ReThinking Track Equivalent Albums

The TEA concept creates a way to compare album and track sales in an apples to apples approach. This is especially helpful because the music marketplace has been rapidly evolving. But is the current 10 tracks = 1 album the best way to accomplish this task?

Nielsen SoundScan recently announced that 2011 vs. 2010 music sales are showing a 1.6% increase through 5/8/2011. Good sales news has been in short supply for the music industry, making the release especially newsworthy. The number was calculated by combining physical and digital album sales plus track equivalent albums (TEA).

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According to Nielsen SoundScan Data (through 5/8/2011):

Total Albums w/TEA          +1.6%
Overall Albums       -1.5%
Physical Albums      -8.3%
Digital Albums         +16.8%
Digital Tracks           +9.6%
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The actual number of tracks per album, however varies widely. For example, Jason Aldean’s latest chart topping hit album has 15 tracks. Katy Perry’s CD has 12 cuts plus there is a 17 cut deluxe version. Adele’s blockbuster album has 12 cuts. Then we also have six paks and eight paks. Regardless of the number of cuts an album contains, each time it’s scanned it counts as one unit.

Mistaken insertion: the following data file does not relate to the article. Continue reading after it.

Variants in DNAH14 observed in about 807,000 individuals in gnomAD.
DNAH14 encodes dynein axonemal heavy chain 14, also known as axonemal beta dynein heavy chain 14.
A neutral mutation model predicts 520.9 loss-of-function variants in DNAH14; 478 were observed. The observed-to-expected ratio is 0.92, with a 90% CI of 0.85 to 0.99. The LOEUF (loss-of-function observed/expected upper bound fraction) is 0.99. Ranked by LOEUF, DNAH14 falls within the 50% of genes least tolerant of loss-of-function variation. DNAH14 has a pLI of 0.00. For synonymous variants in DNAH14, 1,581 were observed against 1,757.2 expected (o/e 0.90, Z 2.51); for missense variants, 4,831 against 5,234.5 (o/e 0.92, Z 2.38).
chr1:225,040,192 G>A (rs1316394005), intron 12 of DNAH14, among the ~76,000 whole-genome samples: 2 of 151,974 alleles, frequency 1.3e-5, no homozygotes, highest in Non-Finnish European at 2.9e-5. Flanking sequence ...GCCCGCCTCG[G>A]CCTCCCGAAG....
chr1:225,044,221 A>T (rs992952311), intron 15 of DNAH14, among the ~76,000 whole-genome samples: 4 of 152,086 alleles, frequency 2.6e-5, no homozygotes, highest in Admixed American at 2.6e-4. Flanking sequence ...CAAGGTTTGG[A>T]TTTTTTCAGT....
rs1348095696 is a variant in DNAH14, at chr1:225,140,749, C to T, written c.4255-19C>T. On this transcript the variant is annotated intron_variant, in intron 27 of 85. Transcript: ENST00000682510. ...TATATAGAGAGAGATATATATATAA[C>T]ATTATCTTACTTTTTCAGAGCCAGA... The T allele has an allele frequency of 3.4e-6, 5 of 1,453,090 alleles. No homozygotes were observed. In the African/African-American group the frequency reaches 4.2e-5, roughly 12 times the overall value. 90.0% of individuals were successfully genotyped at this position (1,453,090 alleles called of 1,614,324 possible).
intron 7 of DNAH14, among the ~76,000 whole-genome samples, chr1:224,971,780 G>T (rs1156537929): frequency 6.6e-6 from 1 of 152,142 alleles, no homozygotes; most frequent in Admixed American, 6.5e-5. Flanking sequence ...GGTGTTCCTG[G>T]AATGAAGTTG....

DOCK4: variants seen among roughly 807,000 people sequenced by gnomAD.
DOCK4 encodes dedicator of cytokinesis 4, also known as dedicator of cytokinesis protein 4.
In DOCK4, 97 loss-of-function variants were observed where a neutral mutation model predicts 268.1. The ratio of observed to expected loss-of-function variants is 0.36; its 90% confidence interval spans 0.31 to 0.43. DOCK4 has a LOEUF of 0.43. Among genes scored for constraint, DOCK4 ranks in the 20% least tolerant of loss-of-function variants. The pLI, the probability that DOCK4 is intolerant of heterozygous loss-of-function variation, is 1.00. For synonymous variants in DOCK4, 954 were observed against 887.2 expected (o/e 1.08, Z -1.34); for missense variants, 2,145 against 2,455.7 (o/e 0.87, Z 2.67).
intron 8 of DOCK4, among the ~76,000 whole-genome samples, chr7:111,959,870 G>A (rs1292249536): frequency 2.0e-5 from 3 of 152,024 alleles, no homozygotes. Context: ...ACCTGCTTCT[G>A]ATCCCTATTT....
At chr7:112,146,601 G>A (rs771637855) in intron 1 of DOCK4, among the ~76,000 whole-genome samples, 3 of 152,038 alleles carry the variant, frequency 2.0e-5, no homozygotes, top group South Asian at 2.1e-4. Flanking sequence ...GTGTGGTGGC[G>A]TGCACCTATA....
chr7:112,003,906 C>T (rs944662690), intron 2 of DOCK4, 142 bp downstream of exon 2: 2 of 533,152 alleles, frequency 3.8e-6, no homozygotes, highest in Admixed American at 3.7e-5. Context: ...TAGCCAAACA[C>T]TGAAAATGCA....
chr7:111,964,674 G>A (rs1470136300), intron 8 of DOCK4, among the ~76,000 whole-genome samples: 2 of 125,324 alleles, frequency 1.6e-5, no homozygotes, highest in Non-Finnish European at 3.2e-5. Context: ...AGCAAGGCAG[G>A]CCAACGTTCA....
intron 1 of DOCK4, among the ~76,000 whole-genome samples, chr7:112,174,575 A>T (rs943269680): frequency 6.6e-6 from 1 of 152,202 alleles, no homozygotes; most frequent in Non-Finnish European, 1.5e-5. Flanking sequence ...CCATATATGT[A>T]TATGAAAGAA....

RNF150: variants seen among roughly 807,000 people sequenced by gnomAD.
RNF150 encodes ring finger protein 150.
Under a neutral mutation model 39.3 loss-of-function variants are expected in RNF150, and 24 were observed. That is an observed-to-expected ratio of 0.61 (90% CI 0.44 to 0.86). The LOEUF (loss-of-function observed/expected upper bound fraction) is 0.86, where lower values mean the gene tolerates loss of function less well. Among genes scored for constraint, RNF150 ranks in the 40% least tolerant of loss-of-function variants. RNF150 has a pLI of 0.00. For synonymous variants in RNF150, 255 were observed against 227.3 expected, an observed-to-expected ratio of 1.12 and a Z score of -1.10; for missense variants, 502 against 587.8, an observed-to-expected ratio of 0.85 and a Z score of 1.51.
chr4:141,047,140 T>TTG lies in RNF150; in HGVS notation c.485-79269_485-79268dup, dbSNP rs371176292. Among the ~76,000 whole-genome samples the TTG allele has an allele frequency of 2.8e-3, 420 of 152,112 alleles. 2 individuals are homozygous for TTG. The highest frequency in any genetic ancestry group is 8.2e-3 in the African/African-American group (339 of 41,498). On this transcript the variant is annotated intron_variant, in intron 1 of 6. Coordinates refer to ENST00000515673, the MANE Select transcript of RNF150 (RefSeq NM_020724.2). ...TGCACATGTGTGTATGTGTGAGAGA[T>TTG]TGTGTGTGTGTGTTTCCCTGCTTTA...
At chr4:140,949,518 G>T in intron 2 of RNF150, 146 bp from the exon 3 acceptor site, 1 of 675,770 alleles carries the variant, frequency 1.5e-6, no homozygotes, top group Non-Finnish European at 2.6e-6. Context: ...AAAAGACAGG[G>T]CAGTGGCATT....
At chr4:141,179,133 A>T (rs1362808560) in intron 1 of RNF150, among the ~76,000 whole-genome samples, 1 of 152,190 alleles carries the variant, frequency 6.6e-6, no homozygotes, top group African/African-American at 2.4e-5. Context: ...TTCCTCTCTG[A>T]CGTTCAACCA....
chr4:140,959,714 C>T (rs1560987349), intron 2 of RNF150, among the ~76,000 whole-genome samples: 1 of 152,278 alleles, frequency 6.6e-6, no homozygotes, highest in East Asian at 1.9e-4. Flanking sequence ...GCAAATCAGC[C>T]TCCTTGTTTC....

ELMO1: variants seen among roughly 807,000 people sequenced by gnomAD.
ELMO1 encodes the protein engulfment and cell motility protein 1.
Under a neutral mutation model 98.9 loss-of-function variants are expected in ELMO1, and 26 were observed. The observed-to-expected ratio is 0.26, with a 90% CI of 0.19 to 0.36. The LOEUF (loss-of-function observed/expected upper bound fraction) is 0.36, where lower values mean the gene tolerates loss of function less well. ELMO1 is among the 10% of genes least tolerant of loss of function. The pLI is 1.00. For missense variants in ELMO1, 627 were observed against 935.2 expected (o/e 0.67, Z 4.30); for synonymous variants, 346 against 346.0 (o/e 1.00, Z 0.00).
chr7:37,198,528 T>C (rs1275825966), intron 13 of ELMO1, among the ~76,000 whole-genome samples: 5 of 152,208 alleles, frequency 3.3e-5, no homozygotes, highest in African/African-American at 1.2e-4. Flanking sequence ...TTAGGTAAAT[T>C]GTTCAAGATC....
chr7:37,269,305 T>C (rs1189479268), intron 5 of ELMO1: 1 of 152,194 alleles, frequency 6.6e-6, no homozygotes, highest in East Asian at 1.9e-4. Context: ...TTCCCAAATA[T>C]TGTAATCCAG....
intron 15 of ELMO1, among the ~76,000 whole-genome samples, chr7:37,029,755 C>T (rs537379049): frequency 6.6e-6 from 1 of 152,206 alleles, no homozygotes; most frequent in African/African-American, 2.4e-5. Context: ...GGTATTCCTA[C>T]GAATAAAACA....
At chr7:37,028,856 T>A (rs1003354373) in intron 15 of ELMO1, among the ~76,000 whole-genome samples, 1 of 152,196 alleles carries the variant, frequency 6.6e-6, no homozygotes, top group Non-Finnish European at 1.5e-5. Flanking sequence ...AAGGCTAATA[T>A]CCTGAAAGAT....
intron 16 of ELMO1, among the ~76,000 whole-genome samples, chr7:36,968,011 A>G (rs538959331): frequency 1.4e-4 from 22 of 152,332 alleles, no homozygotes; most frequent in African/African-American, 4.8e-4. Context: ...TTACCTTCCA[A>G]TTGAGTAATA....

Not surprisingly, rebalancing the equation could result in big swings. Looking at SoundScan numbers in the table below, using 11 tracks=1 album in 2011 would add 42 million equivalent albums compared with 46.3 million using 10 tracks=1 album.

Solutions?
Could this TEA process be improved? One way to sharpen the tabulations might be to calculate each album’s “TEA rate” based upon the number of cuts it contains. So for example Jason Aldean would have to sell 15 tracks from his current album to add an additional TEA unit to that album. And John Rich, who is releasing a new six pak this week would need only six downloads of any of the tracks contained on this new release to get a TEA unit credit. SoundScan is all about units—not dollars—so although this might seem unfair to artists with a higher number of cuts on an album, in reality it simply applies a constant yardstick across album and track purchases.

But what about the financial side of these transactions? Is it possible to compare pricing, margins and profitability across album and track sales for retail and wholesale? The degree of difficulty here is high. The additional burden of offsetting marketing, distribution and manufacturing costs, makes this method highly complex.

However, giving each downloaded track an individual TEA sales equation based upon the number of cuts available on the album from which the cut was released, seems both doable and more accurate.

What are your thoughts? Do you have another solution?


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About the Author

David M. Ross has been covering Nashville's music industry for over 25 years. [email protected]

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